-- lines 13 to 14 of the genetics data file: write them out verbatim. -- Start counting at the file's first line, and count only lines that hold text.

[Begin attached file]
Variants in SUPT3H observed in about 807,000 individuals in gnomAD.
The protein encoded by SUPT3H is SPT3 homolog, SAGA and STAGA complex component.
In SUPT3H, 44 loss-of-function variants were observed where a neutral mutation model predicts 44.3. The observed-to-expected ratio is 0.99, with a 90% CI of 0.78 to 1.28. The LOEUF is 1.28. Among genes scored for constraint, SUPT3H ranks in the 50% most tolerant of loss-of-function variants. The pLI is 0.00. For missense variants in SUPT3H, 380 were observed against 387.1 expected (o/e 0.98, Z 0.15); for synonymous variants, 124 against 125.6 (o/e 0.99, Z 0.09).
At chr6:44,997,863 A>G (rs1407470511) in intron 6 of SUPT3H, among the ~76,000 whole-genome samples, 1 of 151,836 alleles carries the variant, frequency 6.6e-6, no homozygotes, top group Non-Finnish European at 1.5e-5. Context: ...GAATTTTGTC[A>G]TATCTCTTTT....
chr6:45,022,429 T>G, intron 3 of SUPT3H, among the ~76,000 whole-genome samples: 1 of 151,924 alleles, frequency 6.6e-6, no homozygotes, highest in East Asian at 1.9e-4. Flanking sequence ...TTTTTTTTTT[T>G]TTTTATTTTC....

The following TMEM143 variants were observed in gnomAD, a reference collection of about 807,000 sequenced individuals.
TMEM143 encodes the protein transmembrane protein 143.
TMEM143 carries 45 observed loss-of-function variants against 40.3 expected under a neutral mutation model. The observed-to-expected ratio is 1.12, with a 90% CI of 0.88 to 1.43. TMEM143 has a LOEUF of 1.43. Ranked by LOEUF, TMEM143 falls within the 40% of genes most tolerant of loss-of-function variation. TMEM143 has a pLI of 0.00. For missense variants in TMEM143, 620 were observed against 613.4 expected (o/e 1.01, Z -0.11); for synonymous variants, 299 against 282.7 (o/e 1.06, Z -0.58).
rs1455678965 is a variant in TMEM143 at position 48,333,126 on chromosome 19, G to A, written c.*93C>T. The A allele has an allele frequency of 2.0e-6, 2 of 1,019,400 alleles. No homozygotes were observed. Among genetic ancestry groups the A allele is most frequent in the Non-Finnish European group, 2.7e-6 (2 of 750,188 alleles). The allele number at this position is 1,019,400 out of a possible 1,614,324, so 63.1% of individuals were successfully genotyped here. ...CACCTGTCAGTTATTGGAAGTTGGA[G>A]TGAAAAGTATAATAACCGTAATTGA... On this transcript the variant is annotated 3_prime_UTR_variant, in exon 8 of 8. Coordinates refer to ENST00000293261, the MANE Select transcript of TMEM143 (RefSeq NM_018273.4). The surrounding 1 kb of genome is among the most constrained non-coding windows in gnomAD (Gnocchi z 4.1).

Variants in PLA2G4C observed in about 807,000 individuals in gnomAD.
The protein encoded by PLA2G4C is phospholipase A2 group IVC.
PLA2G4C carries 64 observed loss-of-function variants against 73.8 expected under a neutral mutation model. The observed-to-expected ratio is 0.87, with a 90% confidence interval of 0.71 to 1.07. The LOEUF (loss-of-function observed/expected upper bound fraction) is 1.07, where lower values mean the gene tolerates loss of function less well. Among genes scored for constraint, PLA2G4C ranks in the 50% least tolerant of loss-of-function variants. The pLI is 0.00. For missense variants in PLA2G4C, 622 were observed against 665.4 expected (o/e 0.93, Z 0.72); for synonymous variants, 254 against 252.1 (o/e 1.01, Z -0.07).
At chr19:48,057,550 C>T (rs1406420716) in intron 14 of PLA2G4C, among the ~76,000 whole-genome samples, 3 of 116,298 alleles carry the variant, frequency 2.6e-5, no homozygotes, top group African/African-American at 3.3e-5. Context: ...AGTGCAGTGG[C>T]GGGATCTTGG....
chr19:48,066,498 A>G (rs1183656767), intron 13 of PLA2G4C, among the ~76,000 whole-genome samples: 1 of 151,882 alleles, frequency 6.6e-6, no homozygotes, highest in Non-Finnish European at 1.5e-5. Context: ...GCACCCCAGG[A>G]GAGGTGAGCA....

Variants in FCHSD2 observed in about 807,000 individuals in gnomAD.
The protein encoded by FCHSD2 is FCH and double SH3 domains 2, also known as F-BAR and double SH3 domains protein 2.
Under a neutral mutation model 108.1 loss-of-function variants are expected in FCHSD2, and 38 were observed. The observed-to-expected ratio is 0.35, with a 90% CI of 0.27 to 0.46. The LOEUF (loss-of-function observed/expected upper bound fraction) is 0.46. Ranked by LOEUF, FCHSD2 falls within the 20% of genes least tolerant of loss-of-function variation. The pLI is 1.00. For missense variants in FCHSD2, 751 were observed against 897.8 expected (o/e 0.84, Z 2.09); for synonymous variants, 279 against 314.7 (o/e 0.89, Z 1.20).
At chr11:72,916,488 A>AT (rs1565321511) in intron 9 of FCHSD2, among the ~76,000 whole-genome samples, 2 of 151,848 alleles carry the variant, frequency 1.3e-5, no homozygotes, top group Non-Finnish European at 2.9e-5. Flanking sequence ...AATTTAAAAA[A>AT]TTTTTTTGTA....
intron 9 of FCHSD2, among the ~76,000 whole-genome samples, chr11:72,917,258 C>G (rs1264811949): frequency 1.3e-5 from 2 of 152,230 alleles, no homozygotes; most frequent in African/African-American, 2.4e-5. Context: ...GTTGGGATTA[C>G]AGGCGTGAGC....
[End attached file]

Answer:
At chr19:48,057,550 C>T (rs1406420716) in intron 14 of PLA2G4C, among the ~76,000 whole-genome samples, 3 of 116,298 alleles carry the variant, frequency 2.6e-5, no homozygotes, top group African/African-American at 3.3e-5. Context: ...AGTGCAGTGG[C>T]GGGATCTTGG....
chr19:48,066,498 A>G (rs1183656767), intron 13 of PLA2G4C, among the ~76,000 whole-genome samples: 1 of 151,882 alleles, frequency 6.6e-6, no homozygotes, highest in Non-Finnish European at 1.5e-5. Context: ...GCACCCCAGG[A>G]GAGGTGAGCA....